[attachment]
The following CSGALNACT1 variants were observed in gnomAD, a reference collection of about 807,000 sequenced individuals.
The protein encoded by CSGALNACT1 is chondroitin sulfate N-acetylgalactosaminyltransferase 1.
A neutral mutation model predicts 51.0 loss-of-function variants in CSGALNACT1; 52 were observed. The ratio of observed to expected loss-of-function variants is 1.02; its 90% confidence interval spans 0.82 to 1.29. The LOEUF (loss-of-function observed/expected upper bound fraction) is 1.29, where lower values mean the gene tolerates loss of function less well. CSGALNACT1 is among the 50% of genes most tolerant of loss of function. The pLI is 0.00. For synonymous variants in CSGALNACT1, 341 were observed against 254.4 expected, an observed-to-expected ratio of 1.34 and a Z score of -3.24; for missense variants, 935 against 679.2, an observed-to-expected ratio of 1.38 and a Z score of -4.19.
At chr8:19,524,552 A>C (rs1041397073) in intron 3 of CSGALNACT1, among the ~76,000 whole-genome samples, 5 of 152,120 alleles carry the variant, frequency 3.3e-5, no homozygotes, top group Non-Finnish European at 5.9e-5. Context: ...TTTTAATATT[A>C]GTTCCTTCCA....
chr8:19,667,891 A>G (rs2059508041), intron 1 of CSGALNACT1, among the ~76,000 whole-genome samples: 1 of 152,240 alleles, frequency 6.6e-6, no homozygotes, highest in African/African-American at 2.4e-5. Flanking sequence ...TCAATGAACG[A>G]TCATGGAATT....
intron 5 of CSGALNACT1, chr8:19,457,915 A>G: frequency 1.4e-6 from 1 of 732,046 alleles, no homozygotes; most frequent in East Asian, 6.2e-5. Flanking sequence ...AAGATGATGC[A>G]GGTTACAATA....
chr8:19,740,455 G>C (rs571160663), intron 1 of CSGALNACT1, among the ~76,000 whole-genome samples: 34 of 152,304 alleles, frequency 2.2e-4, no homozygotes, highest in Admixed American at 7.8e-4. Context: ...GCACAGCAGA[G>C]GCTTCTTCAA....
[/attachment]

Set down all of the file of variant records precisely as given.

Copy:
The following CSGALNACT1 variants were observed in gnomAD, a reference collection of about 807,000 sequenced individuals.
The protein encoded by CSGALNACT1 is chondroitin sulfate N-acetylgalactosaminyltransferase 1.
A neutral mutation model predicts 51.0 loss-of-function variants in CSGALNACT1; 52 were observed. The ratio of observed to expected loss-of-function variants is 1.02; its 90% confidence interval spans 0.82 to 1.29. The LOEUF (loss-of-function observed/expected upper bound fraction) is 1.29, where lower values mean the gene tolerates loss of function less well. CSGALNACT1 is among the 50% of genes most tolerant of loss of function. The pLI is 0.00. For synonymous variants in CSGALNACT1, 341 were observed against 254.4 expected, an observed-to-expected ratio of 1.34 and a Z score of -3.24; for missense variants, 935 against 679.2, an observed-to-expected ratio of 1.38 and a Z score of -4.19.
At chr8:19,524,552 A>C (rs1041397073) in intron 3 of CSGALNACT1, among the ~76,000 whole-genome samples, 5 of 152,120 alleles carry the variant, frequency 3.3e-5, no homozygotes, top group Non-Finnish European at 5.9e-5. Context: ...TTTTAATATT[A>C]GTTCCTTCCA....
chr8:19,667,891 A>G (rs2059508041), intron 1 of CSGALNACT1, among the ~76,000 whole-genome samples: 1 of 152,240 alleles, frequency 6.6e-6, no homozygotes, highest in African/African-American at 2.4e-5. Flanking sequence ...TCAATGAACG[A>G]TCATGGAATT....
intron 5 of CSGALNACT1, chr8:19,457,915 A>G: frequency 1.4e-6 from 1 of 732,046 alleles, no homozygotes; most frequent in East Asian, 6.2e-5. Flanking sequence ...AAGATGATGC[A>G]GGTTACAATA....
chr8:19,740,455 G>C (rs571160663), intron 1 of CSGALNACT1, among the ~76,000 whole-genome samples: 34 of 152,304 alleles, frequency 2.2e-4, no homozygotes, highest in Admixed American at 7.8e-4. Context: ...GCACAGCAGA[G>C]GCTTCTTCAA....